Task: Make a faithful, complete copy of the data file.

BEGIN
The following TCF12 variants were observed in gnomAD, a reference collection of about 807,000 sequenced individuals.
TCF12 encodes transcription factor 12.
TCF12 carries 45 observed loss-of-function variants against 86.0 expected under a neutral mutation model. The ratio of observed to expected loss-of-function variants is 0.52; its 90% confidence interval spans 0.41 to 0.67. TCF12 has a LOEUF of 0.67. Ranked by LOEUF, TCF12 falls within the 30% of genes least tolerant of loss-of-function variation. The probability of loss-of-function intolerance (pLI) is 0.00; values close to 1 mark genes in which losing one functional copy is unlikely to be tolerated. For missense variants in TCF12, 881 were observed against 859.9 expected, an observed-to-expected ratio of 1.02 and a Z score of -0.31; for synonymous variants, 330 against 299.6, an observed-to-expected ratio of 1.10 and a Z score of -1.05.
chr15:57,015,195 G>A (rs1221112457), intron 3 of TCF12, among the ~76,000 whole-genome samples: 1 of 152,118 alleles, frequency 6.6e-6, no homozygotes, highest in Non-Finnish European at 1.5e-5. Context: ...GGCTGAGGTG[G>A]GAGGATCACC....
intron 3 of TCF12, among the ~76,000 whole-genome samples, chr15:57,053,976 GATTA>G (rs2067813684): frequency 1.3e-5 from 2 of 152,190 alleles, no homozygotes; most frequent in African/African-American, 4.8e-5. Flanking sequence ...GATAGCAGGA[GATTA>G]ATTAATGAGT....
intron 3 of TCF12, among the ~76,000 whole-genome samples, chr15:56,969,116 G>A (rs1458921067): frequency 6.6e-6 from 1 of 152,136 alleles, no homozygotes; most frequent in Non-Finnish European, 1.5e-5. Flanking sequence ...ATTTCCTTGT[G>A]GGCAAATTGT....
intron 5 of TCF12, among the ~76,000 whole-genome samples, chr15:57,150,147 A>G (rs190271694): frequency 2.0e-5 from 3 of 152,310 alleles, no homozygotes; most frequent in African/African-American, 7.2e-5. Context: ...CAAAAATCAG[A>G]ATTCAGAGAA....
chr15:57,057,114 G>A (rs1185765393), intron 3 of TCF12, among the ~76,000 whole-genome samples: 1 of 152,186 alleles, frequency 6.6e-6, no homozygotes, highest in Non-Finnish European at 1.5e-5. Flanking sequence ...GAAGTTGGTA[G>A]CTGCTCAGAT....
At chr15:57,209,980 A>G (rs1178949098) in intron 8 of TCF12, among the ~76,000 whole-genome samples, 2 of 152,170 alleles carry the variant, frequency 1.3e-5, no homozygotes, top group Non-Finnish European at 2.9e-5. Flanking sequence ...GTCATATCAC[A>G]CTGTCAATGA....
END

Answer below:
The following TCF12 variants were observed in gnomAD, a reference collection of about 807,000 sequenced individuals.
TCF12 encodes transcription factor 12.
TCF12 carries 45 observed loss-of-function variants against 86.0 expected under a neutral mutation model. The ratio of observed to expected loss-of-function variants is 0.52; its 90% confidence interval spans 0.41 to 0.67. TCF12 has a LOEUF of 0.67. Ranked by LOEUF, TCF12 falls within the 30% of genes least tolerant of loss-of-function variation. The probability of loss-of-function intolerance (pLI) is 0.00; values close to 1 mark genes in which losing one functional copy is unlikely to be tolerated. For missense variants in TCF12, 881 were observed against 859.9 expected, an observed-to-expected ratio of 1.02 and a Z score of -0.31; for synonymous variants, 330 against 299.6, an observed-to-expected ratio of 1.10 and a Z score of -1.05.
chr15:57,015,195 G>A (rs1221112457), intron 3 of TCF12, among the ~76,000 whole-genome samples: 1 of 152,118 alleles, frequency 6.6e-6, no homozygotes, highest in Non-Finnish European at 1.5e-5. Context: ...GGCTGAGGTG[G>A]GAGGATCACC....
intron 3 of TCF12, among the ~76,000 whole-genome samples, chr15:57,053,976 GATTA>G (rs2067813684): frequency 1.3e-5 from 2 of 152,190 alleles, no homozygotes; most frequent in African/African-American, 4.8e-5. Flanking sequence ...GATAGCAGGA[GATTA>G]ATTAATGAGT....
intron 3 of TCF12, among the ~76,000 whole-genome samples, chr15:56,969,116 G>A (rs1458921067): frequency 6.6e-6 from 1 of 152,136 alleles, no homozygotes; most frequent in Non-Finnish European, 1.5e-5. Flanking sequence ...ATTTCCTTGT[G>A]GGCAAATTGT....
intron 5 of TCF12, among the ~76,000 whole-genome samples, chr15:57,150,147 A>G (rs190271694): frequency 2.0e-5 from 3 of 152,310 alleles, no homozygotes; most frequent in African/African-American, 7.2e-5. Context: ...CAAAAATCAG[A>G]ATTCAGAGAA....
chr15:57,057,114 G>A (rs1185765393), intron 3 of TCF12, among the ~76,000 whole-genome samples: 1 of 152,186 alleles, frequency 6.6e-6, no homozygotes, highest in Non-Finnish European at 1.5e-5. Flanking sequence ...GAAGTTGGTA[G>A]CTGCTCAGAT....
At chr15:57,209,980 A>G (rs1178949098) in intron 8 of TCF12, among the ~76,000 whole-genome samples, 2 of 152,170 alleles carry the variant, frequency 1.3e-5, no homozygotes, top group Non-Finnish European at 2.9e-5. Flanking sequence ...GTCATATCAC[A>G]CTGTCAATGA....